Virginia GOP appears to have slight edge in state Senate races; D.C.teen shot on Halloween dies; Cheverly ends deal with speed-camera company after inaccuracies; Chairman Brown talks ethics reform on TV; District's War Memorial to reopen Thursday; Conservancy releasing new grade on Potomac water quality; GOP Bongino filing today for Maryland Sen. Cardin's seat; Currie acquitted; Groups make bids for slots at Rocky Gap in Western Maryland.
Virginia Republicans' hopes for an effective majority in the state Senate and a historic power grab in Richmond were pinned late Tuesday on a central Virginia race in which a GOP challenger clung to an 86-vote lead with a final count not expected until later Wednesday. The battle for the 40-member state Senate was far tighter than the GOP had hoped and many political observers had expected, with Republicans who had identified as many as 10 winnable seats decisively winning just one, according to The Washington Times.
A 17-year-old D.C. Department of Youth Rehabilitation Services ward who was shot on Halloween night in Georgetown has died. The Metropolitan Police Department confirmed Tuesday that Tyronn Vincent Garner, one of six people shot in five incidents on Halloween night, had died. He died Monday evening from his injuries after being shot in the midst of Halloween festivities on M Street in Georgetown. Charges related to the shooting have not been brought against the man. Multiple sources within DYRS confirmed that Tyronn, who The Washington Times identified in a previous article as Tyrone Garner, was under the agency's watch, according to The Times.
The Prince George's County town of Cheverly sent a letter in July to speed-camera vendor Optotraffic, informing the company that one of its cameras had caught a bicycle going 57 mph, an obvious error. The device also caught another bike going 38 mph and an "invisible vehicle" traveling 76 mph. Cheverly parted ways with Optotraffic in August and has since hired a new company. However, Optotraffic continues to provide speed cameras for more than a dozen Prince George's municipalities and for the county, despite continuing charges that its equipment is inaccurate and used more to make money than increase safety, according to The Times.
D.C. Council Chairman Kwame Brown will talk at 10 a.m. on NewsChannel 8 about ethics reform, jobs, voting rights and more, and Washington Post columnist Robert McCartney will discusses Virginia's election results.
D.C.'s War Memorial is scheduled to reopen this week after being under restoration for more than a year. Mayor Vincent Gray is expected to attend Thursday's ceremony south of the Lincoln Memorial. The memorial on Independence Avenue was built in 1931 and honors local heroes who served in World War I. It lists all 499 D.C. residents who died during the war. It has been under restoration since August 2010, according to the Associated Press.
The Potomac Conservancy plans to release its State of the Nation's River report tomorrow along with recommendations for the Potomac, which supplies most of the drinking water for Washington, D.C. The Silver Spring-based environmental group gave the Potomac a grade of D-plus in its first report in 2007 and has not graded the waterway since then, according to AP.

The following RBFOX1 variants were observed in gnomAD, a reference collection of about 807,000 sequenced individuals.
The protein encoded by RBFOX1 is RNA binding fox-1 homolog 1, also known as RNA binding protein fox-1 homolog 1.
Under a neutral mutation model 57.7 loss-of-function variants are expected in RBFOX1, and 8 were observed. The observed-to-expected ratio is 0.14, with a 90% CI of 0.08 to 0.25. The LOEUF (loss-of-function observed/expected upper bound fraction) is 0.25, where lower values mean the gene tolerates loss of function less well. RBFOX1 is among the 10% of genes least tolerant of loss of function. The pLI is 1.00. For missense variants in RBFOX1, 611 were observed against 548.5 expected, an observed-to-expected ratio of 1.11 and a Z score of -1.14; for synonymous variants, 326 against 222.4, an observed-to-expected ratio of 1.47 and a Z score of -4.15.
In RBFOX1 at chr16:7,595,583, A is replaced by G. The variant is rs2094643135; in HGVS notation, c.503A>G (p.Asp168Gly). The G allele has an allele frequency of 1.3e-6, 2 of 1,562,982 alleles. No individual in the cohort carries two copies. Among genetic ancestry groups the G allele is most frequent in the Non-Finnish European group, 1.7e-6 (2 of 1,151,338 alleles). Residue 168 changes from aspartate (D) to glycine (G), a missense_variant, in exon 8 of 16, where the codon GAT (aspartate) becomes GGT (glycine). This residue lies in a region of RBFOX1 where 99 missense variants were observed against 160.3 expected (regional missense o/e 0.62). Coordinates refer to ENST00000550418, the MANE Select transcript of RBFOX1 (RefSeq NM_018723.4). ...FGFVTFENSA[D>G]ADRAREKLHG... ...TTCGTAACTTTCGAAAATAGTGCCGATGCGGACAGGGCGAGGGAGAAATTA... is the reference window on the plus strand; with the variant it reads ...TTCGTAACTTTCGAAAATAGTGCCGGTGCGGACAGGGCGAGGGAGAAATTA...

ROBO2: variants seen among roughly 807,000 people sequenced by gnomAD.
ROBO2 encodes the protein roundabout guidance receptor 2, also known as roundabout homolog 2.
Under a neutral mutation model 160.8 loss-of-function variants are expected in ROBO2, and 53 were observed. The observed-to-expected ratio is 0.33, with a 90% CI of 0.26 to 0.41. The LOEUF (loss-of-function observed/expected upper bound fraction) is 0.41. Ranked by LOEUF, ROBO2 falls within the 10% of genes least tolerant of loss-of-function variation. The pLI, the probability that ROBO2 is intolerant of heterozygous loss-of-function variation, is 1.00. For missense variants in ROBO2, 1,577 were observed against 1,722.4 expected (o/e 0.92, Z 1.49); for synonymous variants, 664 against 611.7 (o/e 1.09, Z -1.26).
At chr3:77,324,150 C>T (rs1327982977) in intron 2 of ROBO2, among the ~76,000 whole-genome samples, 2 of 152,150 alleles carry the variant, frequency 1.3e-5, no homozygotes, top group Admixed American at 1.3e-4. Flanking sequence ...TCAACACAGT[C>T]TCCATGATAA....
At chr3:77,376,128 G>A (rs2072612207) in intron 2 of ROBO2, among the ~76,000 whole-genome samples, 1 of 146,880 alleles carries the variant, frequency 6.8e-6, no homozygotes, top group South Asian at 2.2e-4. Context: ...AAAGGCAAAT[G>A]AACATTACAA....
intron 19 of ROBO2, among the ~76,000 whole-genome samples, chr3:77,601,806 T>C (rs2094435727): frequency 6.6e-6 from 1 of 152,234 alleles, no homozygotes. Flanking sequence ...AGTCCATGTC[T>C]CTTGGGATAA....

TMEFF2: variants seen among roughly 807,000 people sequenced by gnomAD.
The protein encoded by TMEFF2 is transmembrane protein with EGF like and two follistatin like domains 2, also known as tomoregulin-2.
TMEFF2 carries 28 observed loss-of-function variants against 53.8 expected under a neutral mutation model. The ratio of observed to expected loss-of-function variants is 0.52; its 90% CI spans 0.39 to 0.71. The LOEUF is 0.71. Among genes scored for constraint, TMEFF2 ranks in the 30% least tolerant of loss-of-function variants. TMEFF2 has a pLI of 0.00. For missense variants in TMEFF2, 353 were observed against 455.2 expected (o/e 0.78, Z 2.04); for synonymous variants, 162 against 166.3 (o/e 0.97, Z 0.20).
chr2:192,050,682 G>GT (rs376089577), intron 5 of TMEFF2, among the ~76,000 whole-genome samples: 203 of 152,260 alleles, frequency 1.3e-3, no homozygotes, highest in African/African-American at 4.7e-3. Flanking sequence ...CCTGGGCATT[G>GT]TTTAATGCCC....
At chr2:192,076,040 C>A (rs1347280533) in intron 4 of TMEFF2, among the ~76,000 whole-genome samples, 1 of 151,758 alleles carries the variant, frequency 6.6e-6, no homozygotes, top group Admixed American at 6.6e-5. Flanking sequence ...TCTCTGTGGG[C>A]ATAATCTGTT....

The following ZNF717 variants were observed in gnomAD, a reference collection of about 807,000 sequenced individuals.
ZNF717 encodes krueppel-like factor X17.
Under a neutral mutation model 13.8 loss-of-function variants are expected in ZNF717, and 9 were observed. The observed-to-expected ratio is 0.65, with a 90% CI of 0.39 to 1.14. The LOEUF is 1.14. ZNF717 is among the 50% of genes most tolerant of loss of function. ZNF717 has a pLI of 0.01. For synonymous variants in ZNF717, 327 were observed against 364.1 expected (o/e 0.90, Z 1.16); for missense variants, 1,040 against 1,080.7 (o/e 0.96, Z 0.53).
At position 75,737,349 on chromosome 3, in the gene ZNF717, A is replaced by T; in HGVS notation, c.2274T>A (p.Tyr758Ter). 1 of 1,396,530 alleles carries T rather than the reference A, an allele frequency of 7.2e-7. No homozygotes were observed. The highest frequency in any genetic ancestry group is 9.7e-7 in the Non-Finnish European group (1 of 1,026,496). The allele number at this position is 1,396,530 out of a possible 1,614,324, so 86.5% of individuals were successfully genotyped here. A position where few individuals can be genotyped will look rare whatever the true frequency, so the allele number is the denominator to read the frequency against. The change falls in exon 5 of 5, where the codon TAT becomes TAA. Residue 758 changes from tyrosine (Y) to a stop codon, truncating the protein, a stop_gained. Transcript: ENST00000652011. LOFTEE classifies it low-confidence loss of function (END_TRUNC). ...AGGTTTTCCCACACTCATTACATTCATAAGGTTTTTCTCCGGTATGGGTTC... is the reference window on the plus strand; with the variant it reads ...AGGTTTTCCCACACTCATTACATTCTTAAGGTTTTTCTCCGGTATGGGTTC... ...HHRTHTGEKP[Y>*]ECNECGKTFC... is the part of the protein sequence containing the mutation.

Former Secret Service agent Daniel Bongino is scheduled Wednesday to make his candidacy to run for U.S. Senate in Maryland official. Mr. Bongino, a Republican, is set to file paper work in Annapolis at the Maryland State Board of Elections. The 36-year-old who lives in Severna Park resigned from his position with the Secret Service's presidential protection division in May to pursue a bid against incumbent Sen. Benjamin Cardin, a Democrat, the AP reports.
A federal jury acquitted Maryland state Sen. Ulysses Currie on Tuesday in an alleged influence-peddling case, clearing the prominent lawmaker of all charges for accepting more than $245,000 in payments from a grocery store chain while he chaired a powerful budget committee. The jury found Mr. Currie, a Democrat, not guilty of conspiracy, bribery, extortion and making false statements. Mr. Currie, 74, was chairman of the Senate Budget and Taxation Committee, which steers billions of dollars in state spending. He became chairman in 2002, but he stepped down from the position last year after a grand jury handed up its indictment. He kept his Senate seat, however, and won re-election last year, according to AP.
Two companies vying for a state permit to bring up to 1,000 slot machines to a struggling resort inside Rocky Gap State Park used Willie Nelson and a water park Tuesday to try to sway the commission that will select the licensee next year. The Rocky Gap Lodge and Golf Resort in the Appalachian Mountains 130 miles west of Baltimore is one of five slots venues Maryland voters approved in 2008. The quasi-public Maryland Economic Development Corp., which owns the resort, hopes gambling will enable the scenic hotel complex to finally blossom into the tourist destination and economic anchor that planners envisioned when it opened in 1998. The licensee would have to buy the resort, which is about $60 million in debt, including about $40 million owed to bondholders, according to AP.
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